If there is one way to contain the spread of any infectious disease, it is testing. Bold measures have been taken during the pandemic including free, drive-through and walk-through testing and a large enabler has been (POC) testing. According to our research, countries around the globe are expected to maintain COVID-19 test volumes exceeding 500,000 subjects per day throughout the year for population surveillance and will generate $1.98 billion in revenue.
While the rise in testing is inevitable, the looming change is the emergence of alternate testing sites such as pharmacies or ports of entry. Although flu testing at pharmacies has been commonplace, 2020 is ushering in an era where pharmacies offer an unprecedented level of convenience to patients. They will move from screening to clinical lab-grade diagnostic and on-the-spot teleconsultation, followed by medication dispensation and reimbursement processing, all in a single patient visit, which can span just a couple of hours. This model will scale new heights in the coming years with test developers like Sherlock and Mammoth Biosciences close to the goal of achieving around $15 per test with a turnaround time of five to 15 minutes and sensitivity of 90% to 99%; SAP and Oracle offering high-grade data integration and connectivity; and pharmacies like CVS with 20,000 locations across the U.S.
The new model is sure to find traction with immediate advantages like triaging high-risk patients and reducing the lab burden, mid-term advantages like patient convenience and long-term advantages like rapid clinical trial recruitment.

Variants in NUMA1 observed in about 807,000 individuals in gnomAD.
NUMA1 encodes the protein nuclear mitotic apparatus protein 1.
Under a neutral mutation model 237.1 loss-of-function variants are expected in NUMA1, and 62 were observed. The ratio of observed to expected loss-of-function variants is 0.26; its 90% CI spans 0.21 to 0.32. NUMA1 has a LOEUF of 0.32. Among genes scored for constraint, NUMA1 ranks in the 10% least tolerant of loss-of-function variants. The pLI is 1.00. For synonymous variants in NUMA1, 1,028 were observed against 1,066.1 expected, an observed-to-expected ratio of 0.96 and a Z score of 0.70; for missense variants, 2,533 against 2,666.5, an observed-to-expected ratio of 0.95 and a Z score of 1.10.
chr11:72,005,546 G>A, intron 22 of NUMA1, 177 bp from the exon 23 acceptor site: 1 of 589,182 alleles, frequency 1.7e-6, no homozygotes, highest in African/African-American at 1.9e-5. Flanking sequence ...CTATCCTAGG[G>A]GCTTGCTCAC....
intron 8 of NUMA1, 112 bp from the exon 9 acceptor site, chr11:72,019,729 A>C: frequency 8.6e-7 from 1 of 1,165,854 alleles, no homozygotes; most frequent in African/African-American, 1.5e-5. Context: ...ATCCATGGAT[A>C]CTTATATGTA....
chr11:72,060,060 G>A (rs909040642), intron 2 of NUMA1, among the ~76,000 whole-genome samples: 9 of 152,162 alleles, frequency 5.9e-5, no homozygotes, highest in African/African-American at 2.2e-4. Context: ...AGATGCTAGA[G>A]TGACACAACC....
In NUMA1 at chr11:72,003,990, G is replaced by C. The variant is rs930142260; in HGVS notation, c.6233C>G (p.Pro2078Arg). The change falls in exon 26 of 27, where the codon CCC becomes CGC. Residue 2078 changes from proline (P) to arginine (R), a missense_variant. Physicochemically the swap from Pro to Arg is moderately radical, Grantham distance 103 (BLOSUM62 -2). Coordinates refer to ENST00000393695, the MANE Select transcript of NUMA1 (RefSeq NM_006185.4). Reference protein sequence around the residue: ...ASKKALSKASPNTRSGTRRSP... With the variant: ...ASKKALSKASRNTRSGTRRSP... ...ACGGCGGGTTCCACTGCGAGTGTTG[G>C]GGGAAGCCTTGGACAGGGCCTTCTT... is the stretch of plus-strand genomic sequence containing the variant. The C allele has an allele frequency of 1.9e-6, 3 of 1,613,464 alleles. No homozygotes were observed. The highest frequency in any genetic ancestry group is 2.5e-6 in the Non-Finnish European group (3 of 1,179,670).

Prediction 3: Ventilator surplus and remote monitoring to redefine non-hospital and home critical care model
Several healthcare and non-healthcare companies like Philips, Medtronic, Getinge, General Motors, Ford, Dyson and even Fitbit have responded commendably to the COVID-19-induced ventilator shortage. While this quick response and supply are critical, this will leave an uneven surplus once the pandemic is behind us. Frost & Sullivan's current estimates for 2020 indicate that the U.S. will end up with a surplus of approximately 100,000 ventilators. Germany and the UK might just meet their demand, but France, Italy and Spain collectively will face a deficit of almost 30,000 to 50,000 ventilators, which might be purchased through the rest of 2020.
This is likely to reset the critical care medicine paradigms, especially as manufacturers stare at sale losses for subsequent years until demand picks up again. Though a fraction of the surplus will end up in federal stockpiles, a large portion will be absorbed by hospitals. Most notably, the portable designs will end up in homes, redefining non-hospital care models. Already, 95% of home medical equipment providers in the U.S. are reporting challenges in securing new equipment from manufacturers. The ongoing shift toward care delivery in homes, along with healthcare workforce shortages and associated fatigue of the existing personnel, will drive this trend further.
Another positive change expected from this surplus is the advancements in remote monitoring technologies including ResMed's cloud-based Airview platform. We expect the ventilator market to see a jump of 400% in 2020 and reach $4 billion in revenue in Europe and the U.S. combined. However, sustainability of this growth will call for a review of creative leasing models, embedding remote monitoring and control in newer designs and utilizing analytics to usher in a new era of growth in an otherwise mature and sluggish segment.
Prediction 4: Informatics and AI address workflow automation and operational analytics